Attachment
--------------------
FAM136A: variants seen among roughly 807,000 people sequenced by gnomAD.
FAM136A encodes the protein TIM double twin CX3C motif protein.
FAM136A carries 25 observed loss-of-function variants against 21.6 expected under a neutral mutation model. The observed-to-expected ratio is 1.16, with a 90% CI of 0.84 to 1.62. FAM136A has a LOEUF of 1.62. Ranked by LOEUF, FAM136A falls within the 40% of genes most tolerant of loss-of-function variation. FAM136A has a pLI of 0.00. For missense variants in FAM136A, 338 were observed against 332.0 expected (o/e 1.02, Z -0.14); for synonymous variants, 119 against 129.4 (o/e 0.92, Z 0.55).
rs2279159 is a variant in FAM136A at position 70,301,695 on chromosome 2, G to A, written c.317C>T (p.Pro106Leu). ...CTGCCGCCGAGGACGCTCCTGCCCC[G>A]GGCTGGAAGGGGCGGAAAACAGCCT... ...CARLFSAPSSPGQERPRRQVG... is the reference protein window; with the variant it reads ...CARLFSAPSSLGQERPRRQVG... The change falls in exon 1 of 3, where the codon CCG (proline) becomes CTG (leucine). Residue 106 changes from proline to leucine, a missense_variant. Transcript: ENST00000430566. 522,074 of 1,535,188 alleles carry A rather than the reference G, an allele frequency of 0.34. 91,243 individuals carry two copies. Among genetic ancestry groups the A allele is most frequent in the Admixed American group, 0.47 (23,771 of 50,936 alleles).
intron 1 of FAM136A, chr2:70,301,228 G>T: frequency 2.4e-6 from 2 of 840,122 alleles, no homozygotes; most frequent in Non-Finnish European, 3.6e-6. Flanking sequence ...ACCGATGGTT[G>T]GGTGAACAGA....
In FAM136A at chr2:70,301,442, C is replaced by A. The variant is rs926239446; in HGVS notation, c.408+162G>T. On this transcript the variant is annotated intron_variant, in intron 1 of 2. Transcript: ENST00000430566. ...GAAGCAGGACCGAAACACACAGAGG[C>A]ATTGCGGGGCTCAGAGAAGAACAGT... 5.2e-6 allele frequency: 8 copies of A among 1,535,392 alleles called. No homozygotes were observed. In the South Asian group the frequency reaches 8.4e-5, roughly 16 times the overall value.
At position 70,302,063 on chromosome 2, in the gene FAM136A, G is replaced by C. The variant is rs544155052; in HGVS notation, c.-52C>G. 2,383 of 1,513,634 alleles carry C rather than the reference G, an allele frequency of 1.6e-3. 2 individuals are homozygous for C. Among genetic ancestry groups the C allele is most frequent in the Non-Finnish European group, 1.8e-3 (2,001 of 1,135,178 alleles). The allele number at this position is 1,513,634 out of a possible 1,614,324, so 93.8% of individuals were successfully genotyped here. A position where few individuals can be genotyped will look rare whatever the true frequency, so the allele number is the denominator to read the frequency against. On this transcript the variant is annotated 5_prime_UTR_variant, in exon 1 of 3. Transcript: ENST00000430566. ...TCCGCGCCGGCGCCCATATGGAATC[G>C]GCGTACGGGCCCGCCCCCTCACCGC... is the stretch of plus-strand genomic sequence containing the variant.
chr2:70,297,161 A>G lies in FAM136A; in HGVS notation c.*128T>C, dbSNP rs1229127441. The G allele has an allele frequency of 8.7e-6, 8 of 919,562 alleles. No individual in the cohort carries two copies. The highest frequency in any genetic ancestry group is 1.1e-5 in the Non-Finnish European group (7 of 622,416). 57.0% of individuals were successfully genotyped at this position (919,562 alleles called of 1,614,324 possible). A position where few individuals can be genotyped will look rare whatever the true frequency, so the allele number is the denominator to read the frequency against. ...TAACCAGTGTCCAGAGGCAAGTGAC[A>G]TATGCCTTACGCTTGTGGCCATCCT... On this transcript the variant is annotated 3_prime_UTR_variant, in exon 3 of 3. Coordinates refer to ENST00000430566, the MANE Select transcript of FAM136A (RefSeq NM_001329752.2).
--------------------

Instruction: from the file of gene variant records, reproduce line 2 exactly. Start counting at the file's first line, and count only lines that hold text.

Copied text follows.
FAM136A encodes the protein TIM double twin CX3C motif protein.